Protest in Atlanta over Muslim travel ban

- Less than two-percent of visa applicants have been granted waivers exempting them from the Trump administration's travel ban on several mostly Muslim nations.

Those figures come from a newly released state department report released, as the country reacts to the Supreme Court ruling to uphold the ban.

The justices ruled 5 to 4, rejecting a challenge that the ban was discriminatory, or exceeded the president's authority.

President Trump celebrated the ruling calling it "A tremendous victory for the American people and for the Constitution".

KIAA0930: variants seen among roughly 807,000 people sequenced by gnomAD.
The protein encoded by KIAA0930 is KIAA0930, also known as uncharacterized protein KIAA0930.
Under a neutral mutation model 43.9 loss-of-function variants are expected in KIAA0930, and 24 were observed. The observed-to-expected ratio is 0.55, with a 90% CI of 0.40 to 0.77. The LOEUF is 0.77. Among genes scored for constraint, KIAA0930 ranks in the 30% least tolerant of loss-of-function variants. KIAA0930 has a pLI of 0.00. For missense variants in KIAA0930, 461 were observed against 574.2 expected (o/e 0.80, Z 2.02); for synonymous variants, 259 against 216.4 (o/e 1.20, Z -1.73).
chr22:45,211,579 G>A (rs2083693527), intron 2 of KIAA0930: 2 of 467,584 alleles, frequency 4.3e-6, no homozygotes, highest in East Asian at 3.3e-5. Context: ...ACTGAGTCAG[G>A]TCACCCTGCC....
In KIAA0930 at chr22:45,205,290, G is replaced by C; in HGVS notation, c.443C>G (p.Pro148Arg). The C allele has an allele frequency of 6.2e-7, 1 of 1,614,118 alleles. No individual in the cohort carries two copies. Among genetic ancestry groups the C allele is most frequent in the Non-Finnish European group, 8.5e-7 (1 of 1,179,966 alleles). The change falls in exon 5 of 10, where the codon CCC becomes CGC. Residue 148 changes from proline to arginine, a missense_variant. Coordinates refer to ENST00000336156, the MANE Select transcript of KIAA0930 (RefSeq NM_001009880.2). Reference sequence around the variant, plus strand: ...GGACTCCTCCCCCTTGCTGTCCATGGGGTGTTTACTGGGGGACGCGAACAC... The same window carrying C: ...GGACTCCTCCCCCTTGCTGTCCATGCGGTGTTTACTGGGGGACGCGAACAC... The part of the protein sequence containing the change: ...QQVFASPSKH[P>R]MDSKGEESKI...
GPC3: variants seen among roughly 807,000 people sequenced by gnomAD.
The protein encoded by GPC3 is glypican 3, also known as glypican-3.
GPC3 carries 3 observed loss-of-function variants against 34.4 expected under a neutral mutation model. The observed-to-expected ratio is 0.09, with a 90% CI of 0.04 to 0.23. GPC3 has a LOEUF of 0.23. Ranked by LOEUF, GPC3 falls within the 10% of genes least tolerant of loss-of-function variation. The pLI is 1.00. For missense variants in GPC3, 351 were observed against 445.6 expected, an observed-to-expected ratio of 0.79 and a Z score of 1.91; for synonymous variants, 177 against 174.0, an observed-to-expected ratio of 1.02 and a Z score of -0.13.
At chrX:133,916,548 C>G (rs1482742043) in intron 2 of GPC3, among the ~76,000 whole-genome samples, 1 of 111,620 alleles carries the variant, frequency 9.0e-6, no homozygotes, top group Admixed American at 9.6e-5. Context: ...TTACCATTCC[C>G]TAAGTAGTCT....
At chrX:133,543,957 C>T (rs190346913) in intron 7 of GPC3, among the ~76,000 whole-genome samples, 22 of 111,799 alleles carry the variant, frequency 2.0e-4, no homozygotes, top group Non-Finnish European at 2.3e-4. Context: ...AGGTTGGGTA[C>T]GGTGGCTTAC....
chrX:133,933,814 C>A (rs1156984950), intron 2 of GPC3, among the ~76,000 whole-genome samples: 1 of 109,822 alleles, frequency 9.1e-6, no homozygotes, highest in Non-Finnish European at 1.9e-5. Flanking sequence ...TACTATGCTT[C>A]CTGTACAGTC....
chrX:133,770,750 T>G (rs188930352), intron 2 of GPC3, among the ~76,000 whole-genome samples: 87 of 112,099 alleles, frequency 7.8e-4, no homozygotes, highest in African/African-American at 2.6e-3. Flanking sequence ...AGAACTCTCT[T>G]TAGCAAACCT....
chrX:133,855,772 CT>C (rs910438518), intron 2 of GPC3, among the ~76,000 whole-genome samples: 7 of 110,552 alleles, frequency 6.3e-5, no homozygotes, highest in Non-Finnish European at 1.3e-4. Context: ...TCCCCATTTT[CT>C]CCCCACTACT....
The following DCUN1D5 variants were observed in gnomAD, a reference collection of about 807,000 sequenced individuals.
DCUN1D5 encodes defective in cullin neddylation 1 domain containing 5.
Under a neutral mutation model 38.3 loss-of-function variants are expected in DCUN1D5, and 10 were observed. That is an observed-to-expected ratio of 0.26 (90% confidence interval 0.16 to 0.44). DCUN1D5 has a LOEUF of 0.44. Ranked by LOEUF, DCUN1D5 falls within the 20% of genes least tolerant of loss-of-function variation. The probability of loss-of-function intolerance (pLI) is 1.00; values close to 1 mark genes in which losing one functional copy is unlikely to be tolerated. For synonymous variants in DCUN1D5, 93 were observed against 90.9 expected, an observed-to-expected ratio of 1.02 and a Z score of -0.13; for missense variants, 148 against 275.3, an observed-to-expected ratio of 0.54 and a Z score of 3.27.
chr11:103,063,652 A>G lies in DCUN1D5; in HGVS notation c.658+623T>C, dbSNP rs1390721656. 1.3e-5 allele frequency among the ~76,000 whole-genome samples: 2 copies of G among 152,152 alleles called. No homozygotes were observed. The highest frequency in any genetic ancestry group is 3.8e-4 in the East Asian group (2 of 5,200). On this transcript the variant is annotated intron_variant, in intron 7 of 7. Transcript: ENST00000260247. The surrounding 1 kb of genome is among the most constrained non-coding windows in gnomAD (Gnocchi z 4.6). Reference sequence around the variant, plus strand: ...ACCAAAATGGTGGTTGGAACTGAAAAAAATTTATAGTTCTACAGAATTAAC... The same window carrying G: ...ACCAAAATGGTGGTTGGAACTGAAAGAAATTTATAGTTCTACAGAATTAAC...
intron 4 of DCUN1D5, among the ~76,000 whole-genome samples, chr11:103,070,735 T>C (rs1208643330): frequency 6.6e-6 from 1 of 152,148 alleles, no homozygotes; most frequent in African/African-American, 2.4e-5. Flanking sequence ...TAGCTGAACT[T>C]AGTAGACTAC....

RELATED: Supreme Court OKs Trump's travel ban, rejects Muslim bias claim

But "No ban, no wall, justice for all" were the chants against the travel ban which rang out outside the federal courthouse in downtown Atlanta Tuesday afternoon.

The Georgia Chapter of the Council On American-Islamic Relations held a protest there after the Supreme Court handed down their ruling on the ban.

A leader with the ACLU of Georgia said it's important for people who oppose the ban to speak up.

Leaders at the demonstration call the decision a "setback, but not the end of the struggle".

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